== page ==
Size tested: 143mm width
Tell us what the product is for and who it's aimed at. What do the manufacturers say about it? How does that compare to your own feelings about it?
It's for those looking for the ability to put the power through the pedals whilst still remaining comfortable on longer rides.
Specialized says: "Keep it low and aero without sacrificing comfort. The titanium-railed, lightweight Romin EVO Expert Gel is road saddle contoured to put you in a position for optimal power transfer and comfort as you put pressure on your competition."
Tell us some more about the technical aspects of the product?
Patented Body Geometry design is lab tested to assure blood flow to sensitive arteries.
Stiff, carbon-reinforced shell for longevity and all-day riding efficiency.
Lightweight and supportive PU foam with gel inserts for increased comfort on long rides.
Lightweight, durable, and hollow titanium rails.
Tough, lightweight, and water-resistant Micromatrix™ cover.
Level 2 padding: Medium density foam for bike feel with additional cushioning.
SWAT™-compatible mounts moulded into the saddle base allow for sleek and integrated storage solutions.
Seems well made with a durable material on the top and strong construction beneath.
Did everything it needed to, providing a good base for putting the power down, good support and comfort over long rides.
This is always subjective, but despite not being the best over bumps, it offers good support over long rides.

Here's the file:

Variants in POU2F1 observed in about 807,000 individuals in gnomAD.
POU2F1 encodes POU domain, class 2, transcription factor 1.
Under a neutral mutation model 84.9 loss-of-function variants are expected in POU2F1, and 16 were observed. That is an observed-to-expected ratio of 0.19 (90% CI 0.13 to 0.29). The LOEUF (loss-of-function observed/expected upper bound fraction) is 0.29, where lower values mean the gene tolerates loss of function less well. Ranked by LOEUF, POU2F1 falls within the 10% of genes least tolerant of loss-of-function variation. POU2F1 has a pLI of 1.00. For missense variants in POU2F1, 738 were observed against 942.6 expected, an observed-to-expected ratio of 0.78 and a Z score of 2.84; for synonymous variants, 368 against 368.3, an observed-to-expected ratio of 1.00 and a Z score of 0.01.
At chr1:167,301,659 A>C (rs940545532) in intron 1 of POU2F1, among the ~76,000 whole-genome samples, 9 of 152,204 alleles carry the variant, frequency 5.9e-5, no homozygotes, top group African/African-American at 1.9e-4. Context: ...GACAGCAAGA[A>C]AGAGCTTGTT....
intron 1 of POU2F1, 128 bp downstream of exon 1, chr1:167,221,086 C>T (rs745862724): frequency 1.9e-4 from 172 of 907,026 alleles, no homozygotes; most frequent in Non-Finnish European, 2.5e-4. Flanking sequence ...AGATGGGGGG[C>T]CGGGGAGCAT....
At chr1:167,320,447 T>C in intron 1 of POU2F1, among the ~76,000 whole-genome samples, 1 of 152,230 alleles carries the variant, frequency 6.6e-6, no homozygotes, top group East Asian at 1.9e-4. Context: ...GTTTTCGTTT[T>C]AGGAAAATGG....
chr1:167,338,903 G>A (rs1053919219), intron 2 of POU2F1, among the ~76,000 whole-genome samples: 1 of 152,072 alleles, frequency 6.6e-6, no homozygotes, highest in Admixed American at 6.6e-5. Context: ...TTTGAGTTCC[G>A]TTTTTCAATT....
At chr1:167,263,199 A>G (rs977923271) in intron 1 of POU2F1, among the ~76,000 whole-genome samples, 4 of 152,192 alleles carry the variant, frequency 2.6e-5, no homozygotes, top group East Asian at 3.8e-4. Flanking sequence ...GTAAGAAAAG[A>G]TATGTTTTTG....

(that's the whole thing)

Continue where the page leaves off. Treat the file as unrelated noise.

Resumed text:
Tell us how the product performed overall when used for its designed purpose
It performed well, reducing pressure and letting me stay in the saddle over several hours without too much discomfort.
Tell us what you particularly liked about the product
The support – it may not be the softest saddle in history, but I like the way it holds you in place over long hours.
Tell us what you particularly disliked about the product
It's a little on the firm side.
How does the price compare to that of similar products in the market, including ones recently tested on road.cc?
The Selle San Marco Mantra Supercomfort is lighter but £35 more.
Did you enjoy using the product? Yes
Would you consider buying the product? Yes
Would you recommend the product to a friend? Yes
Use this box to explain your overall score
It may not be the best at sucking up the biggest bumps, but it offers comfort over long hours. It is also a great foundation for putting the power through the pedals thanks to a decent construction and titanium rails.
About the tester
I usually ride: Cinelli Gazzetta My best bike is: Cannondale Supersix Evo
I've been riding for: Under 5 years I ride: Every day I would class myself as: Expert
I regularly do the following types of riding: commuting, club rides, sportives, general fitness riding, fixed/singlespeed, mountain biking
George spends his days helping companies deal with their cycling commuting challenges with his company Cycling for Work. He has been writing for Road.cc since 2014.
When he is not writing about cycling, he is either out on his bike cursing not living in the countryside or boring anybody who will listen about the latest pro peloton/cycling tech/cycling infrastructure projects.